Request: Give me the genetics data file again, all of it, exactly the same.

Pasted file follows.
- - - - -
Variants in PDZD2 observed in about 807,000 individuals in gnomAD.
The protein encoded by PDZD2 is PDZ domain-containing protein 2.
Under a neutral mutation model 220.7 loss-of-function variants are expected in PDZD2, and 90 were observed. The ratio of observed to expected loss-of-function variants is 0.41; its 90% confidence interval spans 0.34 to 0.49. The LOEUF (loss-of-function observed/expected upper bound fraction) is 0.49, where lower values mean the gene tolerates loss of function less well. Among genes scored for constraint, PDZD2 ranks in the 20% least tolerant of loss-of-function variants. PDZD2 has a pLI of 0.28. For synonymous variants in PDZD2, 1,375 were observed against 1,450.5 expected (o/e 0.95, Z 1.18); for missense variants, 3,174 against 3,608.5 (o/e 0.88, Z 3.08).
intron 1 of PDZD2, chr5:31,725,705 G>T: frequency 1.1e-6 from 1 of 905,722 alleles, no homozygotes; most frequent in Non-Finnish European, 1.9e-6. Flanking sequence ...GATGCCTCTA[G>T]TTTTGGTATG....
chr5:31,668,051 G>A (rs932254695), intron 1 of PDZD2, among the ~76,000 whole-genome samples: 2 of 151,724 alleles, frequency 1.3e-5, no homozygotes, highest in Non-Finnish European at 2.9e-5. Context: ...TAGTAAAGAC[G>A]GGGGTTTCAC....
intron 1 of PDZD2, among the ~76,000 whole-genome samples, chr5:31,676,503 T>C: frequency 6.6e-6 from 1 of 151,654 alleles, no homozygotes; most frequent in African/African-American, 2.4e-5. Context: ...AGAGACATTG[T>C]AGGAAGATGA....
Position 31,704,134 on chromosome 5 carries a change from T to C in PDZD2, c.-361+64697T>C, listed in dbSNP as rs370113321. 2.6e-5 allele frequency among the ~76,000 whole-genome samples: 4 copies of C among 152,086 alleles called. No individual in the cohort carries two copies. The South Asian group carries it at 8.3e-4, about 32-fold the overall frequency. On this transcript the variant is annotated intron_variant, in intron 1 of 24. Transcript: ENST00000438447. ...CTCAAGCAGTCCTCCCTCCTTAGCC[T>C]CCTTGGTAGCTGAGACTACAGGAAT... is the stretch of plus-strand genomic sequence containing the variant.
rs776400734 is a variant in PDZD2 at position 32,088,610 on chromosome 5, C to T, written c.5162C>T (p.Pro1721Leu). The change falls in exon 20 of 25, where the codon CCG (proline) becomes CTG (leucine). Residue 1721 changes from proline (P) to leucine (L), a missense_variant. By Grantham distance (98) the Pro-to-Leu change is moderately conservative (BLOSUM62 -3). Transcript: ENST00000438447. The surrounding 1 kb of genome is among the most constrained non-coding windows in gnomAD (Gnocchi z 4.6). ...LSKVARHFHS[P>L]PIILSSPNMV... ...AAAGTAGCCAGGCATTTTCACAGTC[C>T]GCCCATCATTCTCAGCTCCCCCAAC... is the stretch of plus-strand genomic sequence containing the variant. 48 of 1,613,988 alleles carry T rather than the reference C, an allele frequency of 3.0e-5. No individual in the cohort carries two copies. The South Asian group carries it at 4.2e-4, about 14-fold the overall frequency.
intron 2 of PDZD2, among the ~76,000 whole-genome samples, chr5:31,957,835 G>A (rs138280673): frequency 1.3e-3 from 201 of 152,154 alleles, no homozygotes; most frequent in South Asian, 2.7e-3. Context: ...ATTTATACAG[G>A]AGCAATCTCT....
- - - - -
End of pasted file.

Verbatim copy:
Variants in PDZD2 observed in about 807,000 individuals in gnomAD.
The protein encoded by PDZD2 is PDZ domain-containing protein 2.
Under a neutral mutation model 220.7 loss-of-function variants are expected in PDZD2, and 90 were observed. The ratio of observed to expected loss-of-function variants is 0.41; its 90% confidence interval spans 0.34 to 0.49. The LOEUF (loss-of-function observed/expected upper bound fraction) is 0.49, where lower values mean the gene tolerates loss of function less well. Among genes scored for constraint, PDZD2 ranks in the 20% least tolerant of loss-of-function variants. PDZD2 has a pLI of 0.28. For synonymous variants in PDZD2, 1,375 were observed against 1,450.5 expected (o/e 0.95, Z 1.18); for missense variants, 3,174 against 3,608.5 (o/e 0.88, Z 3.08).
intron 1 of PDZD2, chr5:31,725,705 G>T: frequency 1.1e-6 from 1 of 905,722 alleles, no homozygotes; most frequent in Non-Finnish European, 1.9e-6. Flanking sequence ...GATGCCTCTA[G>T]TTTTGGTATG....
chr5:31,668,051 G>A (rs932254695), intron 1 of PDZD2, among the ~76,000 whole-genome samples: 2 of 151,724 alleles, frequency 1.3e-5, no homozygotes, highest in Non-Finnish European at 2.9e-5. Context: ...TAGTAAAGAC[G>A]GGGGTTTCAC....
intron 1 of PDZD2, among the ~76,000 whole-genome samples, chr5:31,676,503 T>C: frequency 6.6e-6 from 1 of 151,654 alleles, no homozygotes; most frequent in African/African-American, 2.4e-5. Context: ...AGAGACATTG[T>C]AGGAAGATGA....
Position 31,704,134 on chromosome 5 carries a change from T to C in PDZD2, c.-361+64697T>C, listed in dbSNP as rs370113321. 2.6e-5 allele frequency among the ~76,000 whole-genome samples: 4 copies of C among 152,086 alleles called. No individual in the cohort carries two copies. The South Asian group carries it at 8.3e-4, about 32-fold the overall frequency. On this transcript the variant is annotated intron_variant, in intron 1 of 24. Transcript: ENST00000438447. ...CTCAAGCAGTCCTCCCTCCTTAGCC[T>C]CCTTGGTAGCTGAGACTACAGGAAT... is the stretch of plus-strand genomic sequence containing the variant.
rs776400734 is a variant in PDZD2 at position 32,088,610 on chromosome 5, C to T, written c.5162C>T (p.Pro1721Leu). The change falls in exon 20 of 25, where the codon CCG (proline) becomes CTG (leucine). Residue 1721 changes from proline (P) to leucine (L), a missense_variant. By Grantham distance (98) the Pro-to-Leu change is moderately conservative (BLOSUM62 -3). Transcript: ENST00000438447. The surrounding 1 kb of genome is among the most constrained non-coding windows in gnomAD (Gnocchi z 4.6). ...LSKVARHFHS[P>L]PIILSSPNMV... ...AAAGTAGCCAGGCATTTTCACAGTC[C>T]GCCCATCATTCTCAGCTCCCCCAAC... is the stretch of plus-strand genomic sequence containing the variant. 48 of 1,613,988 alleles carry T rather than the reference C, an allele frequency of 3.0e-5. No individual in the cohort carries two copies. The South Asian group carries it at 4.2e-4, about 14-fold the overall frequency.
intron 2 of PDZD2, among the ~76,000 whole-genome samples, chr5:31,957,835 G>A (rs138280673): frequency 1.3e-3 from 201 of 152,154 alleles, no homozygotes; most frequent in South Asian, 2.7e-3. Context: ...ATTTATACAG[G>A]AGCAATCTCT....